All Chaps are Hinder-Less

Posted in: Featured, Horse Supplies, Ranch Life, Rodeo

This is my public service announcement to those in the non-cowboy community: All chaps are “hinder”less. If they have a hinder in them, they’re just leather pants. Chaps=thumbs up. Leather pants=thumbs down. Also, they’re pronounced SHaps.

So now that we have that out of the way, there are several types of chaps and other leggings, or “leggins”, that we’ll be talking about today. I consider leggings an all-encompassing word for chinks, chaps, or armitas. Some consider leggings to be a particular type of, well, leggings. It depends on what part of the country you’re cowboying in or by whom you’re influenced.

CHAPS – Let’s start with good-ol’ chaps. There are primarily batwing or shotgun chaps and variations of either of those. Both can be with or without fringe. Shotgun chaps are zipped, laced, or buckled the entire length of the leg, whereas batwings are only laced or buckled around the thigh, then loose and free on the bottom (think roughstock cowboys or cutters.)


Ben Hanson is wearing a standard midwest cowboy shotgun chap with fringe.

Clay Ashurst wears Arizona Bells common to the southwest region of the states, where brush is a bit more cumbersome than is found here in Wyoming. These are often seem with a big front crease and can be with or without fringe and pockets. He stays true to his Arizona cowboy roots.

WOOLIES – Woolies can be made of many hides and materials, from white or black angora to bison, or even exotics like beaver, alpaca, or others. The style of a woolie is generally a full-length chap, though I have seen them in a shorter chink version. They’re often busted out in cold temps through northern states.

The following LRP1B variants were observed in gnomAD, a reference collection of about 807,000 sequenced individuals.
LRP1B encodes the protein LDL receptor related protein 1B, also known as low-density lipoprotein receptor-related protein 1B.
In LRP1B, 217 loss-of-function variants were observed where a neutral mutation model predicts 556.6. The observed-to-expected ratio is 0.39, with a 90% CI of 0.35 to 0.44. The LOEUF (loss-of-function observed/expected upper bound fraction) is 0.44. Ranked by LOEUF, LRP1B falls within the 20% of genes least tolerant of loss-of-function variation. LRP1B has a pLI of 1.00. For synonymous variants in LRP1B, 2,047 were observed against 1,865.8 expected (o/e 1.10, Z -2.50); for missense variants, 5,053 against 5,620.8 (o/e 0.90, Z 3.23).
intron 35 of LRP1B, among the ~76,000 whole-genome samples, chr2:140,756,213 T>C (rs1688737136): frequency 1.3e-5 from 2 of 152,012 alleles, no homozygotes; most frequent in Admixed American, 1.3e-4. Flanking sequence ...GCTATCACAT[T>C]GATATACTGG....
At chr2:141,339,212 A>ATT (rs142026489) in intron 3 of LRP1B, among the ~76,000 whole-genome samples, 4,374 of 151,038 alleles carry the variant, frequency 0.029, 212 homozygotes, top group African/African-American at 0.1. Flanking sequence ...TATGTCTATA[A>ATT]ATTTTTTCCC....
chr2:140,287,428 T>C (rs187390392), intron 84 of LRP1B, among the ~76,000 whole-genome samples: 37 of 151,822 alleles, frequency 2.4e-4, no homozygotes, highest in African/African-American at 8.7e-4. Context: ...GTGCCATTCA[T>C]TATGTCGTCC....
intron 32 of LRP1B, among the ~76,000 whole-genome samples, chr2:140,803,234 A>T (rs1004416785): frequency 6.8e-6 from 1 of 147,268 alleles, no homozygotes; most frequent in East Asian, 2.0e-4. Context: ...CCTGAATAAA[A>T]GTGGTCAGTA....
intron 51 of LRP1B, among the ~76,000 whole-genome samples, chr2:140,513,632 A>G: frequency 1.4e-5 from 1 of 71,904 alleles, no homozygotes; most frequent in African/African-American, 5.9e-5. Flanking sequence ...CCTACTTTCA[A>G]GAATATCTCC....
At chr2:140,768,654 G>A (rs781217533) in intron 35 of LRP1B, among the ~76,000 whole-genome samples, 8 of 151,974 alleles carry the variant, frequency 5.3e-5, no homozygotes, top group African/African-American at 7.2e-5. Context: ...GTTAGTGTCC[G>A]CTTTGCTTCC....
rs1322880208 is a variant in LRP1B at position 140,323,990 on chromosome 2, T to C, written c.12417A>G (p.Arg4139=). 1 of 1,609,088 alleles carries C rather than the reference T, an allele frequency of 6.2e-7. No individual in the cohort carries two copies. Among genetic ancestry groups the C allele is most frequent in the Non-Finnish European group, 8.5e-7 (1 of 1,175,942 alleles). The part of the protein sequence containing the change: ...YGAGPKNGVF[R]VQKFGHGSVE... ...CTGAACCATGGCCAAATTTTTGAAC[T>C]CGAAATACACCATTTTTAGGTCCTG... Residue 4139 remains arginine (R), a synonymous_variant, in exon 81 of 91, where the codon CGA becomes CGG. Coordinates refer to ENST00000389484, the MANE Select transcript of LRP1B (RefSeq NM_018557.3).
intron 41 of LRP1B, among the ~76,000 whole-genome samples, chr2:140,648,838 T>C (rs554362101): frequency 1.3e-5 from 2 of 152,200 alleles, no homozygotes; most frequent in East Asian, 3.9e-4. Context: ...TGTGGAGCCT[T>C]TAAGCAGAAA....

There are a lot of woolies seen in this photo. They can be both a chap or chink and made of all sorts of critters, including bison, alpaca, Scottish Highlander, and even beaver, like our neighbor Boe Kottwitz.

ARMITAS – Armitas generated in the Great Basin region, specific to buckaroos. They are noted for their belt and fringe top with a buckle usually found in the back. They are often step-in chink length leggings, with a squared-off, fringed bottom. There are often varying bottoms between chinks and armitas. Some try to combine the words into a silly word combinations like chinkitas, or some silly thing, but no matter the bottom or length, I would say armitas always have the belt/fringe top, and chinks always have a buckled or tied front, which we’ll talk about.

Wade wears a pair of armitas he built himself, with a belt and fringe at the top and fringe on the bottom, falling to about mid-shin.

CHINKS – Chinks are a pretty common choice for a lot of cowboys and cowgirls. The are signified by a buckle found in the front and sometimes the back too, offering adjustability, and they hit mid-shin in length. There are many ways to customize chinks, including colors, carving and stamping, silver, and shape. They typically are seen with fringe. Chink-length leggings without fringe are common among farriers.

Anne Wasserburger sports chinks that are a fairly commonly-seen type of leggings in all regions. Hers are customized with her maiden-name initials.

Half-Chaps – While many of you won’t probably sport half-chaps—typically pronounced with the hard “CH” sound, unlike regular chaps (shaps)— I wanted to share them with you nonetheless. They are common in English disciplines and among charros and Mexican Cowboys as seen below.

English folks tend to wear half-chaps over a short paddock boot.


Mexican charros tend to also wear a half-chap.

Charros also have a specific style of full-length chaps that are generally a suede leather with panels of smooth leather and no fringe.

Our cowboy neighbors to the south also wear a full-chap that typically doesn’t have fringe.


Posted in: Featured, Horse Supplies, Ranch Life, Rodeo

About Savanna Simmons

I'm Savanna Simmons and I live north of Lusk, Wyoming, on the Four Three Ranch with my husband Boe and our sons, Brindle and Roan. I grew up evolving my horsemanship with clinicians like Ray Hunt, Joe Wolter, and Jack Brainard, but not within a...

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